Isaiah 59:12
For our transgressions are multiplied before thee, and our sins testify against us: for our transgressions are with us; and as for our iniquities, we know them;
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EXPOSITORY (ENGLISH BIBLE)
(12) For our transgressions . . .—The parallelism with the confessions of Daniel (Isaiah 9:5-15) and Ezra (Isaiah 9:6-15) is singularly striking, but is as explicable on the hypothesis that they reproduced that of 2 Isaiah as on the assumption that this also was written at the close of the exile. It would, of course, be as true in the time of Manasseh as at any subsequent period. The self accusations of the people are now, as they ought to be, as full and severe as the prophet’s original indictment had been.

Isaiah 59:12-13. For our transgressions — The word פשׁעונו, here used, signifies sins of a high nature, namely, such as were wilfully committed against light and knowledge; rebellious sins. Are multiplied before thee — They admit of no excuse; for they are committed before thee, and multiplied against thee, whereby thou art justly provoked to deny us all help. And our sins testify against us — The sins charged upon us are so many witnesses produced to prove our guilt. For our transgressions are with us — Are still unforgiven, and we lie under the divine wrath on account of them. As for our iniquities, we know them — We are convinced of them. In transgressing and lying, &c. — He now enumerates some of those particular sins which they profess themselves to be convinced of; by which he does not mean the sins of some particular persons, or some slight sins, but a general defection and corruption of the whole body. Transgressing here, and lying, seem to be one and the same thing, inasmuch as in their transgressing the law of God, they broke their solemn engagement to God, made upon mount Sinai. Departing away from God — Turning from God to idols. Speaking oppression, &c. — As it were, talking of little else one among another, but how to oppress their neighbours, and apostatize from God. Conceiving and uttering — That is, first contriving in their hearts false accusations against their neighbours, and false worship, to the dishonour of God; laying the contrivances so that they might be effectual, and then uttering them; from the heart — And when they dealt with men in ways of fraud, it was from the heart; but when they spake with God, it was but from the lips.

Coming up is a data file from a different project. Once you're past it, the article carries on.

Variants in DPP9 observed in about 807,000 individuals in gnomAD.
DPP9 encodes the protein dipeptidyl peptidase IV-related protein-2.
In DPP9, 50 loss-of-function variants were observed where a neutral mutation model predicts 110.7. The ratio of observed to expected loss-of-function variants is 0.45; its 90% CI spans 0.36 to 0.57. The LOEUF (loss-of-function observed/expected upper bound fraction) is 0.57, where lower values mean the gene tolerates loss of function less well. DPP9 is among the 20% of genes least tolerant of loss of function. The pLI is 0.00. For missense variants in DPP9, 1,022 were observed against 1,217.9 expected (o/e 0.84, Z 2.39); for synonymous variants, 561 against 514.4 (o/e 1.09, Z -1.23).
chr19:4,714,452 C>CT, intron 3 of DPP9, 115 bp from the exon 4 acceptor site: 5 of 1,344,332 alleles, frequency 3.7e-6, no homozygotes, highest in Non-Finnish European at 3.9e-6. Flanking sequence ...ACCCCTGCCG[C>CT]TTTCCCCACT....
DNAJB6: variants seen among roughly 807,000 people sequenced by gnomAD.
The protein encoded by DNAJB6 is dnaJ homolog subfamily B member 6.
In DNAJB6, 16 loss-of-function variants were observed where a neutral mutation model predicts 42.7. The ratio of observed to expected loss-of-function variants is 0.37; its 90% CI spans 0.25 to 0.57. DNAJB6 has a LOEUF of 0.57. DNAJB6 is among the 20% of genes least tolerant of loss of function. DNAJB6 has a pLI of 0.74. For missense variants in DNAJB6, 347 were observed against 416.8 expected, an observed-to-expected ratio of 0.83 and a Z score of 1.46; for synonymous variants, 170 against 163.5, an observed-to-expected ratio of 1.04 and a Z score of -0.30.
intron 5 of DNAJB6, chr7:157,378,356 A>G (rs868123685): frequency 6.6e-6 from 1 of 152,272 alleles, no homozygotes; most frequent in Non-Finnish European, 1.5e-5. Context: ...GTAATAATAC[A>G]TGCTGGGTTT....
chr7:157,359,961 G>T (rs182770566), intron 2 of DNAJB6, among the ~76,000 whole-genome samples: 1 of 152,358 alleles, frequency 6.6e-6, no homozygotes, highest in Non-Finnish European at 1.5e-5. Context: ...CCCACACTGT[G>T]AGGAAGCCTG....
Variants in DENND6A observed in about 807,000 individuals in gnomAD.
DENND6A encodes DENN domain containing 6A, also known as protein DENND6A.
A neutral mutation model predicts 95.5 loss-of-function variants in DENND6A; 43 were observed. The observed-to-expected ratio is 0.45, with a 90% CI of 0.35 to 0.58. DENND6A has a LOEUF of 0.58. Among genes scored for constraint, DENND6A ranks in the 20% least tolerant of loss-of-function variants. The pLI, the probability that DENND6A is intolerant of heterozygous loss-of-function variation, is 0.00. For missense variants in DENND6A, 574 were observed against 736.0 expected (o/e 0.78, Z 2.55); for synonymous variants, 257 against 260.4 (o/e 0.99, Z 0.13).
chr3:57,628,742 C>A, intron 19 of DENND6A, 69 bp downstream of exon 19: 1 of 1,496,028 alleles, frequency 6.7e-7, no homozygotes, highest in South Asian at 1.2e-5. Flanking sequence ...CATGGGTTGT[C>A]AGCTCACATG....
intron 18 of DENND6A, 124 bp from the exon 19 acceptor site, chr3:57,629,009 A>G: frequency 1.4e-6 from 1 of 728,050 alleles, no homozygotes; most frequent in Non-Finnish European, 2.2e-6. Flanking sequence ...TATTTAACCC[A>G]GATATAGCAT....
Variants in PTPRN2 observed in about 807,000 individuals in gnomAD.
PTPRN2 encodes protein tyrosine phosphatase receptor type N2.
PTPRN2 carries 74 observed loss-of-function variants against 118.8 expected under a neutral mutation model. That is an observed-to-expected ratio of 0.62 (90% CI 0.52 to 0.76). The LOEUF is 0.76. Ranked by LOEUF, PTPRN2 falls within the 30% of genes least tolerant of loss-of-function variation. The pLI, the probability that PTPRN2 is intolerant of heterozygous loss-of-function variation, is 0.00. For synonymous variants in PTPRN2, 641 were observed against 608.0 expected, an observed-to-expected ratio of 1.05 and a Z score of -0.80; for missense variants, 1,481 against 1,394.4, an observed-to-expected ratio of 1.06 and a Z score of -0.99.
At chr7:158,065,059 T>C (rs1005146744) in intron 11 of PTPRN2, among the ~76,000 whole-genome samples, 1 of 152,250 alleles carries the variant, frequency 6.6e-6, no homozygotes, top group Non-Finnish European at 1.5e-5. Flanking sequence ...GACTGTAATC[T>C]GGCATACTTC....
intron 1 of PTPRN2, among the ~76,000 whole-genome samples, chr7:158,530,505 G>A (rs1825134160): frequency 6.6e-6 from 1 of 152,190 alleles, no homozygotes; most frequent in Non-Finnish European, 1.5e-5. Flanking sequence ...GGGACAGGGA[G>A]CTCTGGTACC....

59:9-15 If we shut our eyes against the light of Divine truth, it is just with God to hide from our eyes the things that belong to our peace. The sins of those who profess themselves God's people, are worse than the sins of others. And the sins of a nation bring public judgments, when not restrained by public justice. Men may murmur under calamities, but nothing will truly profit while they reject Christ and his gospel.Our sins testify against us - Hebrew, 'Answer against us.' The idea is, that their past lives had been so depraved that they became witnesses against them (compare the notes at Isaiah 3:9).

We know them - We recognize them as our sins, and we cannot conceal from ourselves the fact that we are transgressors.

12. (Da 9:5, &c.).

thee … us—antithesis.

with us—that is, we are conscious of them (Job 12:3, Margin; Job 15:9).

know—acknowledge they are our iniquities.

Our transgressions: the word here signifies sins of a high nature; such as wherein there is much of man’s will against light; rebellious sins.

Are multiplied before thee: q.d. They admit of no excuse; for they are acted before thee, and multiplied against thee, whereby thou art justly provoked to deny us all help.

Our sins testify; every sin that is charged upon is like so many witnesses produced to prove the guilt of our consciences; or, as the Hebrew word, do answer; and so some make it an elegant metaphorical allusion to the echo, which, as it returns the voice again, so those judgments they cry out of are but the meritorious repercussion of their sins. They had been cruel to others, neither had they executed judgment and justice, and here they suffer all kind of cruelties and indignities from the Chaldeans, as the true and just representation or echo of their own works: see a personal instance in Adoni-bezek, Judges 1:6,7.

Our transgressions are with us, i.e. we lie under the guilt of them, they are a burden to us; God hath not yet forgiven them.

As for our iniquities, we know them; we are convinced of them; our guilty consciences must own and acknowledge them, Psalm 2 3. It notes either their conviction or sorrow, or both. See Jeremiah 14:7. Or, we know what are those sins thou art so angry with us for; and this is favoured by the sequel, where they seem to particularize those sins in the following verses.

For our transgressions are multiplied before thee,.... Not only an increase of immorality among the people in common, but among professors of religion; and as their transgressions are committed against the Lord, so they are in his sight taken notice of and observed by him, are loathsome and abominable to him, and call aloud for his judgments on them: